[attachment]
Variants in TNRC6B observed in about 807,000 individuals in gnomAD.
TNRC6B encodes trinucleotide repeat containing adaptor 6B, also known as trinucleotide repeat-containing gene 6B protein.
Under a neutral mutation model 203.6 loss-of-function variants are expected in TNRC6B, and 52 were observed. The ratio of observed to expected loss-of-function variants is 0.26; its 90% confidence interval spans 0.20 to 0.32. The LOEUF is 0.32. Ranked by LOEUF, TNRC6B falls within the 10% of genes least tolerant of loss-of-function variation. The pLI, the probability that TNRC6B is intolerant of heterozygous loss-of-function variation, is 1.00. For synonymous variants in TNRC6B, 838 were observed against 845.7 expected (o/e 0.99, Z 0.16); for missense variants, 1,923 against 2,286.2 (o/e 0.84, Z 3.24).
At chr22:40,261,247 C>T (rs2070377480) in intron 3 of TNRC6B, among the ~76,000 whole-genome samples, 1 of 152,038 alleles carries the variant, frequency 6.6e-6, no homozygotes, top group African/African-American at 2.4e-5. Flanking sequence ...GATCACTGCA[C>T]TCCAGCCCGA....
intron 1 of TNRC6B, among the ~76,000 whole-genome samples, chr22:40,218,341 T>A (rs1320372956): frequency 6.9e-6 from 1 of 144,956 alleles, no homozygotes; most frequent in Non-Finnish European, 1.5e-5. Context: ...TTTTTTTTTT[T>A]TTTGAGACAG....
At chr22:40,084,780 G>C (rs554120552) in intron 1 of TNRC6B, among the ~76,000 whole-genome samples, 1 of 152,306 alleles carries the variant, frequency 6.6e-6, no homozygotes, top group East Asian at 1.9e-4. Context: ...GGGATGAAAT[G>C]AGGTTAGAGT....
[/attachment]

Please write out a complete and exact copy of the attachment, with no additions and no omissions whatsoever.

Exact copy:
Variants in TNRC6B observed in about 807,000 individuals in gnomAD.
TNRC6B encodes trinucleotide repeat containing adaptor 6B, also known as trinucleotide repeat-containing gene 6B protein.
Under a neutral mutation model 203.6 loss-of-function variants are expected in TNRC6B, and 52 were observed. The ratio of observed to expected loss-of-function variants is 0.26; its 90% confidence interval spans 0.20 to 0.32. The LOEUF is 0.32. Ranked by LOEUF, TNRC6B falls within the 10% of genes least tolerant of loss-of-function variation. The pLI, the probability that TNRC6B is intolerant of heterozygous loss-of-function variation, is 1.00. For synonymous variants in TNRC6B, 838 were observed against 845.7 expected (o/e 0.99, Z 0.16); for missense variants, 1,923 against 2,286.2 (o/e 0.84, Z 3.24).
At chr22:40,261,247 C>T (rs2070377480) in intron 3 of TNRC6B, among the ~76,000 whole-genome samples, 1 of 152,038 alleles carries the variant, frequency 6.6e-6, no homozygotes, top group African/African-American at 2.4e-5. Flanking sequence ...GATCACTGCA[C>T]TCCAGCCCGA....
intron 1 of TNRC6B, among the ~76,000 whole-genome samples, chr22:40,218,341 T>A (rs1320372956): frequency 6.9e-6 from 1 of 144,956 alleles, no homozygotes; most frequent in Non-Finnish European, 1.5e-5. Context: ...TTTTTTTTTT[T>A]TTTGAGACAG....
At chr22:40,084,780 G>C (rs554120552) in intron 1 of TNRC6B, among the ~76,000 whole-genome samples, 1 of 152,306 alleles carries the variant, frequency 6.6e-6, no homozygotes, top group East Asian at 1.9e-4. Context: ...GGGATGAAAT[G>C]AGGTTAGAGT....